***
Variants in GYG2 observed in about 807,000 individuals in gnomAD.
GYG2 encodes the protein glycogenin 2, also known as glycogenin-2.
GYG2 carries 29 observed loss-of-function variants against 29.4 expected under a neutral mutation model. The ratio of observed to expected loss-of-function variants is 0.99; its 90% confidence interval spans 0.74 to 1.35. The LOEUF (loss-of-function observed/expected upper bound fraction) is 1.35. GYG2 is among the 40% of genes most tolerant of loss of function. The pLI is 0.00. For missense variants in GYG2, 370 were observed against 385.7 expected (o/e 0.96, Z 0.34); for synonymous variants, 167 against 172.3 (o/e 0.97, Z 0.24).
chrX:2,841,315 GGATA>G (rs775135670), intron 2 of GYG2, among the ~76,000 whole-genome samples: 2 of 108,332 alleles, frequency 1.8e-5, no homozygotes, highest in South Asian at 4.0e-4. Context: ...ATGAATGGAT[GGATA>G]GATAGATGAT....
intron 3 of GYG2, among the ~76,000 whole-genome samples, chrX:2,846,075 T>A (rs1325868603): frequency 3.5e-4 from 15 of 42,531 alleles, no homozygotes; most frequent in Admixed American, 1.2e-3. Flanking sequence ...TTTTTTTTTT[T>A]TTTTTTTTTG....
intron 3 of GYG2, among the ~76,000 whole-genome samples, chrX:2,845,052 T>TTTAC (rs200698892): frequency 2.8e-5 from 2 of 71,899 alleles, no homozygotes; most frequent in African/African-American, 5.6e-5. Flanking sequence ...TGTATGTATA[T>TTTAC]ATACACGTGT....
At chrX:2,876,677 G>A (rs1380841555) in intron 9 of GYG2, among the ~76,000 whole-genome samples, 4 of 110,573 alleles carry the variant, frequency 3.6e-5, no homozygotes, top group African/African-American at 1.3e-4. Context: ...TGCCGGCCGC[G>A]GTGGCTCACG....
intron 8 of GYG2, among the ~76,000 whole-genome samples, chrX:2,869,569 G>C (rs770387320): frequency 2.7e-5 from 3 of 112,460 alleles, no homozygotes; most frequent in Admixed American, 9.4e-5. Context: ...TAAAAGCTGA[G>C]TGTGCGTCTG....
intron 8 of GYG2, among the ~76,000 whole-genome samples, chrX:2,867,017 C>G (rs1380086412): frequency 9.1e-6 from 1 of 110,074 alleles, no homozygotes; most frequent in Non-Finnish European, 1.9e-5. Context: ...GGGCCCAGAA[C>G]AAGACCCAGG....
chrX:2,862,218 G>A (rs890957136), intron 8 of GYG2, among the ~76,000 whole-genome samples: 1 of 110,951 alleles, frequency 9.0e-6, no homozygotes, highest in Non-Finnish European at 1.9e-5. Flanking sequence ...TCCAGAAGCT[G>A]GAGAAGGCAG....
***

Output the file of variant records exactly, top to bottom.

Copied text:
Variants in GYG2 observed in about 807,000 individuals in gnomAD.
GYG2 encodes the protein glycogenin 2, also known as glycogenin-2.
GYG2 carries 29 observed loss-of-function variants against 29.4 expected under a neutral mutation model. The ratio of observed to expected loss-of-function variants is 0.99; its 90% confidence interval spans 0.74 to 1.35. The LOEUF (loss-of-function observed/expected upper bound fraction) is 1.35. GYG2 is among the 40% of genes most tolerant of loss of function. The pLI is 0.00. For missense variants in GYG2, 370 were observed against 385.7 expected (o/e 0.96, Z 0.34); for synonymous variants, 167 against 172.3 (o/e 0.97, Z 0.24).
chrX:2,841,315 GGATA>G (rs775135670), intron 2 of GYG2, among the ~76,000 whole-genome samples: 2 of 108,332 alleles, frequency 1.8e-5, no homozygotes, highest in South Asian at 4.0e-4. Context: ...ATGAATGGAT[GGATA>G]GATAGATGAT....
intron 3 of GYG2, among the ~76,000 whole-genome samples, chrX:2,846,075 T>A (rs1325868603): frequency 3.5e-4 from 15 of 42,531 alleles, no homozygotes; most frequent in Admixed American, 1.2e-3. Flanking sequence ...TTTTTTTTTT[T>A]TTTTTTTTTG....
intron 3 of GYG2, among the ~76,000 whole-genome samples, chrX:2,845,052 T>TTTAC (rs200698892): frequency 2.8e-5 from 2 of 71,899 alleles, no homozygotes; most frequent in African/African-American, 5.6e-5. Flanking sequence ...TGTATGTATA[T>TTTAC]ATACACGTGT....
At chrX:2,876,677 G>A (rs1380841555) in intron 9 of GYG2, among the ~76,000 whole-genome samples, 4 of 110,573 alleles carry the variant, frequency 3.6e-5, no homozygotes, top group African/African-American at 1.3e-4. Context: ...TGCCGGCCGC[G>A]GTGGCTCACG....
intron 8 of GYG2, among the ~76,000 whole-genome samples, chrX:2,869,569 G>C (rs770387320): frequency 2.7e-5 from 3 of 112,460 alleles, no homozygotes; most frequent in Admixed American, 9.4e-5. Context: ...TAAAAGCTGA[G>C]TGTGCGTCTG....
intron 8 of GYG2, among the ~76,000 whole-genome samples, chrX:2,867,017 C>G (rs1380086412): frequency 9.1e-6 from 1 of 110,074 alleles, no homozygotes; most frequent in Non-Finnish European, 1.9e-5. Context: ...GGGCCCAGAA[C>G]AAGACCCAGG....
chrX:2,862,218 G>A (rs890957136), intron 8 of GYG2, among the ~76,000 whole-genome samples: 1 of 110,951 alleles, frequency 9.0e-6, no homozygotes, highest in Non-Finnish European at 1.9e-5. Flanking sequence ...TCCAGAAGCT[G>A]GAGAAGGCAG....